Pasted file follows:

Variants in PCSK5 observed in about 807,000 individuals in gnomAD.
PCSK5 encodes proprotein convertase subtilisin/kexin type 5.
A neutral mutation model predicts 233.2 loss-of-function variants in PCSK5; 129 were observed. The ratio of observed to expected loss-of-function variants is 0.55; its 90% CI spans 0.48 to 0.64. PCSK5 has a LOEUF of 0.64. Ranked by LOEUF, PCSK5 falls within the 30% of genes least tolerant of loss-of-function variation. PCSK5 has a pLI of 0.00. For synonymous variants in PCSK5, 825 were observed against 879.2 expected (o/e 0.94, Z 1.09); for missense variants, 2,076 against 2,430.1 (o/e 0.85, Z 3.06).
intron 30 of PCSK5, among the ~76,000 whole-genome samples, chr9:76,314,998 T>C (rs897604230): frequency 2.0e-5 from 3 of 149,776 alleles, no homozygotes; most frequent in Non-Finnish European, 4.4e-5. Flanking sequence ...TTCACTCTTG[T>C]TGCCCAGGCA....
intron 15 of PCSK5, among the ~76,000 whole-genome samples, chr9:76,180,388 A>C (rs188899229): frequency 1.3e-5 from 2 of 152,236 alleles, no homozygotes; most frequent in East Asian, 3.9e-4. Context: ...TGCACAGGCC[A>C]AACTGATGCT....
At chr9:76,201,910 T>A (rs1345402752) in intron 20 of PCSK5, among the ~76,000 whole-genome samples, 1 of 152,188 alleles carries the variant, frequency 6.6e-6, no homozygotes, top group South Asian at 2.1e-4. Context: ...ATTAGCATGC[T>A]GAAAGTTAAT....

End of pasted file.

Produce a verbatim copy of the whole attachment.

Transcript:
Variants in PCSK5 observed in about 807,000 individuals in gnomAD.
PCSK5 encodes proprotein convertase subtilisin/kexin type 5.
A neutral mutation model predicts 233.2 loss-of-function variants in PCSK5; 129 were observed. The ratio of observed to expected loss-of-function variants is 0.55; its 90% CI spans 0.48 to 0.64. PCSK5 has a LOEUF of 0.64. Ranked by LOEUF, PCSK5 falls within the 30% of genes least tolerant of loss-of-function variation. PCSK5 has a pLI of 0.00. For synonymous variants in PCSK5, 825 were observed against 879.2 expected (o/e 0.94, Z 1.09); for missense variants, 2,076 against 2,430.1 (o/e 0.85, Z 3.06).
intron 30 of PCSK5, among the ~76,000 whole-genome samples, chr9:76,314,998 T>C (rs897604230): frequency 2.0e-5 from 3 of 149,776 alleles, no homozygotes; most frequent in Non-Finnish European, 4.4e-5. Flanking sequence ...TTCACTCTTG[T>C]TGCCCAGGCA....
intron 15 of PCSK5, among the ~76,000 whole-genome samples, chr9:76,180,388 A>C (rs188899229): frequency 1.3e-5 from 2 of 152,236 alleles, no homozygotes; most frequent in East Asian, 3.9e-4. Context: ...TGCACAGGCC[A>C]AACTGATGCT....
At chr9:76,201,910 T>A (rs1345402752) in intron 20 of PCSK5, among the ~76,000 whole-genome samples, 1 of 152,188 alleles carries the variant, frequency 6.6e-6, no homozygotes, top group South Asian at 2.1e-4. Context: ...ATTAGCATGC[T>A]GAAAGTTAAT....